Record low DUI arrests in ’05
Truckee police made fewer drunk driving arrests in 2005 than in any other year on record.
Last year, officers made 112 DUI arrests, an all-time low for the three years complete records are available and part of a trend of declining drunk driving arrests. In 2004 and 2003 there were 124 and 142 arrests, respectively.
Lt. Harwood Mitchell of the Truckee Police Department attributed the trend to a combination of increased education and increased enforcement.
“This is no more of a problem than any other community deals with,” Mitchell said.
In 2004, Truckee had only a slightly higher percentage of DUI cases per capita than California did as a whole ” .75 percent to .63 percent.
Area law enforcement uses a variety of methods to target drunk drivers. The Truckee Police Department assigns one cruiser on high-risk nights to patrol exclusively for DUI. The California Highway Patrol, which has jurisdiction over highways in the Truckee area, uses pre-publicized DUI checkpoints.
But it would be a mistake to let improving figures disguise a continuing problem for the community.
From January through September of 2005, the Truckee Police Department responded to 14 DUI-related accidents.
The numbers, though, may point to a larger issue: the lack of options that exist in Truckee for people trying to get home after a night of well-intentioned intoxication.
Walking home is often implausible; public transit doesn’t operate late; and taxi cabs are scarce. Additionally, with the new parking regulations in downtown Truckee, vehicles cannot be left parked downtown overnight.
And for many, the designated driver option isn’t always realistic.
“When I turn the lights on at closing-time everyone in the bar is over .08,” said one downtown doorman, referring to the legal blood alcohol content limit. “Some of them will take cabs home, but the majority won’t. And they for sure don’t walk. You can’t walk to Tahoe Donner.”
Town Councilman Richard Anderson agreed.
“Truckee just isn’t conducive to walking home,” he said.
Local taxi companies are aiming to meet some of the need. Currently, approximately five or six taxis serve the Truckee area on a weekend night.
“Helping people avoid DUI is one of the main reasons we’re in business,” said Tal Fletcher, owner of Mountain Cab, “We’re expanding as fast as we can to meet this demand.”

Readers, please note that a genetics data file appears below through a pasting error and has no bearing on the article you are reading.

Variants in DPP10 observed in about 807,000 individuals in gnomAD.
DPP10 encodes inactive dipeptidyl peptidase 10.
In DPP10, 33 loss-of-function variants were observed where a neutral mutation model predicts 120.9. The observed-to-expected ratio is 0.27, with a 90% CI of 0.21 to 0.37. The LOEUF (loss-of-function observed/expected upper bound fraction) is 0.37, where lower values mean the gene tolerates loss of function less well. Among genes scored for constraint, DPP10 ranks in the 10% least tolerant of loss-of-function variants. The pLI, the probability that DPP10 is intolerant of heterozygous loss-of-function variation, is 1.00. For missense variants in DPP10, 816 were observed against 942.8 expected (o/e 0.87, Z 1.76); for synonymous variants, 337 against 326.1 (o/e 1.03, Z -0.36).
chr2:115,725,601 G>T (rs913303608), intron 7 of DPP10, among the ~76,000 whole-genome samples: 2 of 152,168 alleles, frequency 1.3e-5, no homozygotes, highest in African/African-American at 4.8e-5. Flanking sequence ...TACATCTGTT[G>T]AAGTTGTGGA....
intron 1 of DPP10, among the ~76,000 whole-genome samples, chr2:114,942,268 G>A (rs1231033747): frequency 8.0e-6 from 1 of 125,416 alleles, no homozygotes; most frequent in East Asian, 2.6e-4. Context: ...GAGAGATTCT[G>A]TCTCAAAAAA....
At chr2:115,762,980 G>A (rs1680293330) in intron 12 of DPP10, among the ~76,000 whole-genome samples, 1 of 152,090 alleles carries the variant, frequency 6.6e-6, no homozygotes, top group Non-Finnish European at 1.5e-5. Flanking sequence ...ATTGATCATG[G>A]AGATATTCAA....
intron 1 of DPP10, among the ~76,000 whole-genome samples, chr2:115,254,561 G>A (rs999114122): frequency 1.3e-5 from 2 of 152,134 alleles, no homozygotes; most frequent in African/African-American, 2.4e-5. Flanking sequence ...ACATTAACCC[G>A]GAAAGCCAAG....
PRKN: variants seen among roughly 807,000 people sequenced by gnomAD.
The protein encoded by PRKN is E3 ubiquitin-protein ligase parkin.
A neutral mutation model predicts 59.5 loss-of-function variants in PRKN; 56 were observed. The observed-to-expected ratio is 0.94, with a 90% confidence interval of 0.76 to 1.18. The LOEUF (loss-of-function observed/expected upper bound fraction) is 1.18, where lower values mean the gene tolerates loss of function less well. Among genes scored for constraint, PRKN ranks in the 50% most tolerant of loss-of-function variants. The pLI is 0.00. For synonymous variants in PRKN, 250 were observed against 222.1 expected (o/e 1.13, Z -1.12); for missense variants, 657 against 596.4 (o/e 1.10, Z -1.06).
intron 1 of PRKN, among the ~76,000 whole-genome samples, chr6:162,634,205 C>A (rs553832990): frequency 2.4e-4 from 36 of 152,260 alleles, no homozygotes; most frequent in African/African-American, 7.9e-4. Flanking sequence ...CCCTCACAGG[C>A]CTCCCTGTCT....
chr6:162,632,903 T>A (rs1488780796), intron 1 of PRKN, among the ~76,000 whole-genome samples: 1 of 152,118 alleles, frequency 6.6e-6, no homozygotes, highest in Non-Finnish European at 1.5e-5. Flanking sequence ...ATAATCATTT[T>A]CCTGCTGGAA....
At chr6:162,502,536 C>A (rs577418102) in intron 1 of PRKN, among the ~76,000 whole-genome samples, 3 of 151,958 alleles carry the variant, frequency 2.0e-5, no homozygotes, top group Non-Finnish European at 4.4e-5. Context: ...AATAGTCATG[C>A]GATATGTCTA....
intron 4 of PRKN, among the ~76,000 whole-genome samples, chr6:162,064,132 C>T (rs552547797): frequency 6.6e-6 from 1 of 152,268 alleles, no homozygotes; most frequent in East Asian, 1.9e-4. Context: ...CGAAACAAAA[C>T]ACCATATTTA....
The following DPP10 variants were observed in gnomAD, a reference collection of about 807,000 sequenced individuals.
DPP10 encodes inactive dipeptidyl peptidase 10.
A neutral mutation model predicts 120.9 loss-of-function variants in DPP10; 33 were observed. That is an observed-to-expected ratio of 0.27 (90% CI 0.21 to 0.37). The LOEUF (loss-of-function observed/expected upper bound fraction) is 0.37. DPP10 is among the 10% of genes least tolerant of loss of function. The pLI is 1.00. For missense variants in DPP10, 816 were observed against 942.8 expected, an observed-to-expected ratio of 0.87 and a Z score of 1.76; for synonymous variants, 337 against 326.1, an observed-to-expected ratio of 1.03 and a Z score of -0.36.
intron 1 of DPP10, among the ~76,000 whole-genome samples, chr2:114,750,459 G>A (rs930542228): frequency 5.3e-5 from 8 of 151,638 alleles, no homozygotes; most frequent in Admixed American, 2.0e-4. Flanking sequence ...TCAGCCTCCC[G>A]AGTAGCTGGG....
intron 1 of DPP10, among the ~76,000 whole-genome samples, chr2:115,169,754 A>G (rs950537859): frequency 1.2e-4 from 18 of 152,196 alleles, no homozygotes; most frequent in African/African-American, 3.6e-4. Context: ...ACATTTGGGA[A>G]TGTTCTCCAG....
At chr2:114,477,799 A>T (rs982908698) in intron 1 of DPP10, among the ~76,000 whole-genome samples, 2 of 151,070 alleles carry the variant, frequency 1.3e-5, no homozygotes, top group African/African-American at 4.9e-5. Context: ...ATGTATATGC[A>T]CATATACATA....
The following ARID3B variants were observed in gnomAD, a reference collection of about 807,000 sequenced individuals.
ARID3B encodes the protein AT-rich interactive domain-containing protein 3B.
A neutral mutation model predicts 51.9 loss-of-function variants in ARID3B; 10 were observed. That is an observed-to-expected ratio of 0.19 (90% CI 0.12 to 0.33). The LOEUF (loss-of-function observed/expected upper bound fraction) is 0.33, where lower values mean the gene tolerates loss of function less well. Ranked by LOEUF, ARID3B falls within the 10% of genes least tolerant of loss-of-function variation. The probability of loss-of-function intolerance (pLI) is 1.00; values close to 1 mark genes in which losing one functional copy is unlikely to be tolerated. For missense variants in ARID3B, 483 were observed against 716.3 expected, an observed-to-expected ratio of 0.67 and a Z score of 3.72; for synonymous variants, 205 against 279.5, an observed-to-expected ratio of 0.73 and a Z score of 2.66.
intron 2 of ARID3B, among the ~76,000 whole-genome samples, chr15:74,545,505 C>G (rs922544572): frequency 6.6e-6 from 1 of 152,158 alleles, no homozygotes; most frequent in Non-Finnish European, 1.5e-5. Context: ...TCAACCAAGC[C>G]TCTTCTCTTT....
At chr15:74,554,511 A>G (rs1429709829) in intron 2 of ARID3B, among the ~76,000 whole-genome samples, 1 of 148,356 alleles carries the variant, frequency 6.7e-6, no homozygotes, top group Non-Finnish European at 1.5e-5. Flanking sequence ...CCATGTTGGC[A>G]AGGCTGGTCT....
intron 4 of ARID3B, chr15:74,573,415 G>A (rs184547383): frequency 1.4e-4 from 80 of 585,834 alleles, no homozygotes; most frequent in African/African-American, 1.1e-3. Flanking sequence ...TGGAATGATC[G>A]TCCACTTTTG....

Other taxi companies expressed a similar desire, but pointed to the difficulty in increasing service for peak-hours without being able to justify it for down-hours.
Even so, it would take a lot of expansion to satisfy the demand created at 2 a.m. as downtown bars spew their customers onto the street. On the worst of nights people can wait more than an hour for a taxi, said the doorman.
If friends are unable to muster up a designated driver before the night begins, or rally a buddy out of bed to pick them up, they are left to either their feet or their keys.
Many bar-goers, though, expressed the opinion that even if someone might live close enough to walk home, Truckee police are an additional impediment.
In one downtown bartender’s experience, the police were “going overboard” in arresting patrons for public drunkenness.
“[The police] will arrest two guys just walking home drunk,” he said. “That’s different than two guys drunk causing a scene during the day with a bunch of tourists around.”
Although he prefaced that he did not have all the facts to comment on the police, Anderson said he was concerned about officers being over-zealous when it came to people walking under the influence.
“If people are walking home from a night of drinking, rather than driving, that’s a plus for the community,” he said.
Lt. Mitchell maintained that people are arrested “when they cannot make it home, and are unable to care for themselves.”
Fred Holmes, the deputy district attorney assigned to Truckee, said he hasn’t seen an increased workload due to people cited for being drunk in public.
“I’ve heard these rumors downtown, but I haven’t seen any rise in public drunkenness cases that is disproportionate to Truckee’s increase in population,” he said.
Still, the bartender echoed an opinion that runs through downtown drinking establishments.
“The goal shouldn’t be arresting people,” he said.
Like many others interviewed, he evoked Truckee lore of the days when the sheriff would drive a person home if he or she were drunk.
While many may wish that those halcyon days would return, liability issues will ensure that they don’t. According to Holmes, taking a drunk individual home instead of putting him in jail could make the police department liable for the actions that that individual takes after he has been dropped off.
Despite the array of perspectives on the issue, no one said that a lack of options provided a license for individuals to drink and drive.
As Anderson put it, “Bars are important to the life of any community. But people need to figure out a safe way to get home.”